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The Healing Cocoon Podcast

How to Avoid Emotional Burnout with Frontliner Trauma Awareness Guide
Jamie Smith

The imperative difference between empathy and compassion.

Posted by:
Jacobie Gray

In today’s episode of the podcast, we are joined by Jamie Smith, a contemplative science educator and trauma-informed embodied awareness guide. In our chat, she shares her journey of becoming passionate about caring for those who care for others and how she teaches them that self-care is truly essential to prevent burnout in their professions. 

Jamie was introduced to yoga and meditation 22 years ago at her secondary school in Sewanee, Tennessee, and completed her first yoga teacher training in 2010 before receiving her B.A. in Psychology. She has experience teaching survivors of domestic violence, people recovering from addiction, veterans, those with chronic and/or terminal illness, caregivers, children, healthcare providers, end-of-life caregivers and family, and first responders. 

Jamie is passionate about sharing mind-body coping skills with frontliners. Recently, she launched an online course called Deep Relaxation for Frontliners, which can be found on her website. 

The 9/11 Pivot

Suffering from some complex childhood traumas, by her teenage years Jamie had been diagnosed with depression and anxiety. She tried medication after medication and none were helpful. The soundtrack loop in her mind had consistently been, “The world is not fair. It needs to be fair.” This voice became even more intense after the collective devastation of 9/11. As she tried to reconcile how there could be such evil in the world, it was too much for her young mind to process. It led her to reject the world entirely, resulting in an attempt at taking her own life. “I don’t want anything to do with that…peace out,” she decided. 

Thankfully, Jamie’s journey didn’t end there. Instead, it led to a new beginning. She learned to adjust the familiar voice in her head that said, “Life is not fair. I want it to be fair,” to, “Life is not fair, but maybe we can make it more fair.” She began to focus on how she could be a part of the solution, and to not just be one of the good guys, but to serve the good guys.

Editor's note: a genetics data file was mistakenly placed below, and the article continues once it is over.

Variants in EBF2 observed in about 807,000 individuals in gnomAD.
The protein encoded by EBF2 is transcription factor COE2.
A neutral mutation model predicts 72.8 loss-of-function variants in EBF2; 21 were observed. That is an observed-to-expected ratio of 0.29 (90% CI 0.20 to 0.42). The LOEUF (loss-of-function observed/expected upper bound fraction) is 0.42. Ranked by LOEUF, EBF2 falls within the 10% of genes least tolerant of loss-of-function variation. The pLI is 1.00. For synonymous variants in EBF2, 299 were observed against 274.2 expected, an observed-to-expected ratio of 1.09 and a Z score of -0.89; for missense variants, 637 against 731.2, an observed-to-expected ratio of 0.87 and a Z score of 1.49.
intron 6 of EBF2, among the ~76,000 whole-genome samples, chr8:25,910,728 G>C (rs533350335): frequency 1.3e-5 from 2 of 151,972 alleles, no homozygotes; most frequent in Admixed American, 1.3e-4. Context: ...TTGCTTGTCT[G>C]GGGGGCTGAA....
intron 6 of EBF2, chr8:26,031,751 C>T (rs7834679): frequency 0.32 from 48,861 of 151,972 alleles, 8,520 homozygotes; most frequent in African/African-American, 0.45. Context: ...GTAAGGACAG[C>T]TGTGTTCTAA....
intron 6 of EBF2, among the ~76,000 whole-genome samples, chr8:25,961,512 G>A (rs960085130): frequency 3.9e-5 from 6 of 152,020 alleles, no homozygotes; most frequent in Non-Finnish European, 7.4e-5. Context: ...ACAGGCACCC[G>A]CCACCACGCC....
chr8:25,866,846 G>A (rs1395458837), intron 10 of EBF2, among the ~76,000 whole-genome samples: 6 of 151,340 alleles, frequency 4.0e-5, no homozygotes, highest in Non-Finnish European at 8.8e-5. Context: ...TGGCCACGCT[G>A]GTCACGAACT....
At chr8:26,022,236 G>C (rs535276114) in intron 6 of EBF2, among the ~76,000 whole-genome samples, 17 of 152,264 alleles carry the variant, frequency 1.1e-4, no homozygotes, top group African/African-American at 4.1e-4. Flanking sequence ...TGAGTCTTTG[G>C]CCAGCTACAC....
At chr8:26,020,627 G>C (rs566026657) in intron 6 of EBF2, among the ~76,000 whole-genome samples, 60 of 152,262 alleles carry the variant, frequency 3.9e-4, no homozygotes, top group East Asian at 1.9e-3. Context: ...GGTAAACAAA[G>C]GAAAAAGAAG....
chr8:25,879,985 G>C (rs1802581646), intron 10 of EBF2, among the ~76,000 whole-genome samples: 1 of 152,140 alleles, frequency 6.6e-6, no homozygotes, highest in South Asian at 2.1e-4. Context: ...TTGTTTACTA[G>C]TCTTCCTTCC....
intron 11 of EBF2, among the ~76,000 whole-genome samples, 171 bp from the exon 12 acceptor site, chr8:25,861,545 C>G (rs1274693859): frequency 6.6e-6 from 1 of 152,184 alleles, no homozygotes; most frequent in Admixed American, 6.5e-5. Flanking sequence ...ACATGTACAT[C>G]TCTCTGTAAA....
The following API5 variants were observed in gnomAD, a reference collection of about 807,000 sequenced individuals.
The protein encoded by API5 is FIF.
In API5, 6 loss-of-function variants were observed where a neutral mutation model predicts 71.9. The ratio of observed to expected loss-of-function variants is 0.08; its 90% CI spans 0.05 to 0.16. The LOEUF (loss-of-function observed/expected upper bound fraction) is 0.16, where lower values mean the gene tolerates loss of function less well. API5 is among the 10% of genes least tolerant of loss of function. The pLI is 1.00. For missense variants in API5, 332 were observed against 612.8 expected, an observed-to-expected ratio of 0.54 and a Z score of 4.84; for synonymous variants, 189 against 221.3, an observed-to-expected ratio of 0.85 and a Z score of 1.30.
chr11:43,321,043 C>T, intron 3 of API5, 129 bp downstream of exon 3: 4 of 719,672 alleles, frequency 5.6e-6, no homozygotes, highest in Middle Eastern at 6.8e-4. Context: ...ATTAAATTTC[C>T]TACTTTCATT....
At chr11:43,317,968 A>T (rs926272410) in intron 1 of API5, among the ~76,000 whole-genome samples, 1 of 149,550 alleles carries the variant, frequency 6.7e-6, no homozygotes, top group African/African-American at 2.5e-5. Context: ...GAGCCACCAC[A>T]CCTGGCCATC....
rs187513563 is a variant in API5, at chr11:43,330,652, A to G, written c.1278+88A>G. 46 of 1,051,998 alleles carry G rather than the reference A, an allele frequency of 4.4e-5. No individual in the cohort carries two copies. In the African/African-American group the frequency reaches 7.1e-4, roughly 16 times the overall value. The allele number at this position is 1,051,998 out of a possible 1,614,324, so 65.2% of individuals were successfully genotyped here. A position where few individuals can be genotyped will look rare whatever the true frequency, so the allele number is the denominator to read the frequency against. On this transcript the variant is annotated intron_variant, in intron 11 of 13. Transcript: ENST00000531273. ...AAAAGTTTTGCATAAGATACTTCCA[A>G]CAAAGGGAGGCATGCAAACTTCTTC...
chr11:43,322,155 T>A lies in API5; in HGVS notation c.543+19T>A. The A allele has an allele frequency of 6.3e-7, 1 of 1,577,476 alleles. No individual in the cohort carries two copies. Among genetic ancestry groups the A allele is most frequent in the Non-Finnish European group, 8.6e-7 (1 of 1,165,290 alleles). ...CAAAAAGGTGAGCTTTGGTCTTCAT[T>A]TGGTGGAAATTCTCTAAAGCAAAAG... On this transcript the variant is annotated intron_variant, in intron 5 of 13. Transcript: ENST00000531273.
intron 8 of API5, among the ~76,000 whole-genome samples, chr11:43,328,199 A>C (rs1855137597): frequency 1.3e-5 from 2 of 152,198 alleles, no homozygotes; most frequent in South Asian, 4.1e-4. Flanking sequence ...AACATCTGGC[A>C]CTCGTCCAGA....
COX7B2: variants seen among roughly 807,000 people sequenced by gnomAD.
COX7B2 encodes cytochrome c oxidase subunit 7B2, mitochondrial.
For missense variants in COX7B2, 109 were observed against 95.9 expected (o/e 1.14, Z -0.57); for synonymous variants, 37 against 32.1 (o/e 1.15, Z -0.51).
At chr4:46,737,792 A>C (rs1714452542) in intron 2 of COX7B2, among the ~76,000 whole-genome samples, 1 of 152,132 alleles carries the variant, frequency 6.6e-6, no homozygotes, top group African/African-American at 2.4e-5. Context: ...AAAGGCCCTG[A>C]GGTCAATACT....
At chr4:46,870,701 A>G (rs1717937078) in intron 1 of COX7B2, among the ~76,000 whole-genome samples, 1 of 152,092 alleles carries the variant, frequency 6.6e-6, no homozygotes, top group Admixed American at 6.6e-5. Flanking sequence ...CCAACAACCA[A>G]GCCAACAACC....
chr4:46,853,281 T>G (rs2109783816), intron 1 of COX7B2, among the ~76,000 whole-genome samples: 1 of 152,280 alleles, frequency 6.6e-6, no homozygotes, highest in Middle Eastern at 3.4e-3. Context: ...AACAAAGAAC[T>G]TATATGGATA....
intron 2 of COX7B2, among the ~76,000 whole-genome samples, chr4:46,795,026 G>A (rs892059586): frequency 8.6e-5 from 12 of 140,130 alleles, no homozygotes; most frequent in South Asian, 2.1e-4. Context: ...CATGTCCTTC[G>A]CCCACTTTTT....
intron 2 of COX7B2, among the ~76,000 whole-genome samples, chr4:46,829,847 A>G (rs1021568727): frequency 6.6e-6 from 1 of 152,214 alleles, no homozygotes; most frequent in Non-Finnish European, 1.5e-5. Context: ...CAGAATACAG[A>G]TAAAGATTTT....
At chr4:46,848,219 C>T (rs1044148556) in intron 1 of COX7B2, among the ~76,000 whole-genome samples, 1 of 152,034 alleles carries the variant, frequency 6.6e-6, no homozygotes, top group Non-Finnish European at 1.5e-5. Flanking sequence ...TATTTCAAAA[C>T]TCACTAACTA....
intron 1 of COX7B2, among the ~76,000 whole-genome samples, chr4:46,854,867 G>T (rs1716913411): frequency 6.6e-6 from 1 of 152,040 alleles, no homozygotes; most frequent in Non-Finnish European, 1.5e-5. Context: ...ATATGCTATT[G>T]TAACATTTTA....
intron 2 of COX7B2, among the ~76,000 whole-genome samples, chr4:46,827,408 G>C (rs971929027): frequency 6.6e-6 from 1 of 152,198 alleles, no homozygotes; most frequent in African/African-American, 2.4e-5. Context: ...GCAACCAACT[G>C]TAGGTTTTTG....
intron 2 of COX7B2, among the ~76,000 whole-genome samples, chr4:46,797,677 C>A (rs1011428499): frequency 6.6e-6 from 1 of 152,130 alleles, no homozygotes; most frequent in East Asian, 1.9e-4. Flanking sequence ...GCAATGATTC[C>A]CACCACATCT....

Salinger and Strangers

The book, Catcher in the Rye, by J.D. Salinger had always been one of Jamie’s favorites. In many ways she found it paralleled her own life. She learned that Salinger was a veteran and that he wrote the book during the time he was freeing victims from concentration camps. Already having an affinity for the book and author, discovering this opened a portal of recognition that would change the course of her life. She had known she wanted to help others have the transformational life experience that she had and this news inspired her to channel that energy into helping veterans. After a year of relentless pursuit, she pioneered a yoga program at her local VA office that continues to this day. 

The teenage angst that had plagued Jamie was mainly a result of seeing unhinged people hurt complete strangers and innocents. But she found beauty in the reverse of that—the angelic, brave frontliners that rush in to save the lives of strangers. Reciting Mr. Rogers, “Look for the helpers. You will always find people who are helping.” So she chose to focus on the people that are good, doing the insanely brave things, not the insanely bad things. And to serve, empower and heal those people.

Attuning on the Frontlines

After finishing her yoga teacher training in 2010, Jamie expanded her passion for helping veterans to other frontline workers. She observed that a common coping mechanism for people in frontline jobs such as nurses and doctors can be to dissociate emotionally from the people they are helping in a subconscious instinct of self-preservation. Jamie’s passion was to teach them it was possible to respond compassionately without taking on the burden of their patients’ suffering, which was leading to the desire to shut down internally. In essence, she taught them how to down regulate and remain grounded, instead of emotionally embody, the constant pain and suffering they were met with.

When it comes to being present with suffering, the mantra Jamie encourages is, “I care for your suffering, but it’s not my suffering.” Defining the difference between the two is crucial for frontliners. If we’re extending so much empathy, we’re actually not serving the patients as well as we could be if we held an even space and allowed the patients to come into coherence with our nervous systems. We can provide the anchor for the other person to attune to. That’s why self-care is an essential part of the work of serving others.

Learn more about Jamie at, and find her on social media at @healersandprotectors.

For the full interview with Jamie, listen via the link on this page,, or find us on Instagram @thehealingcocoonpodcast.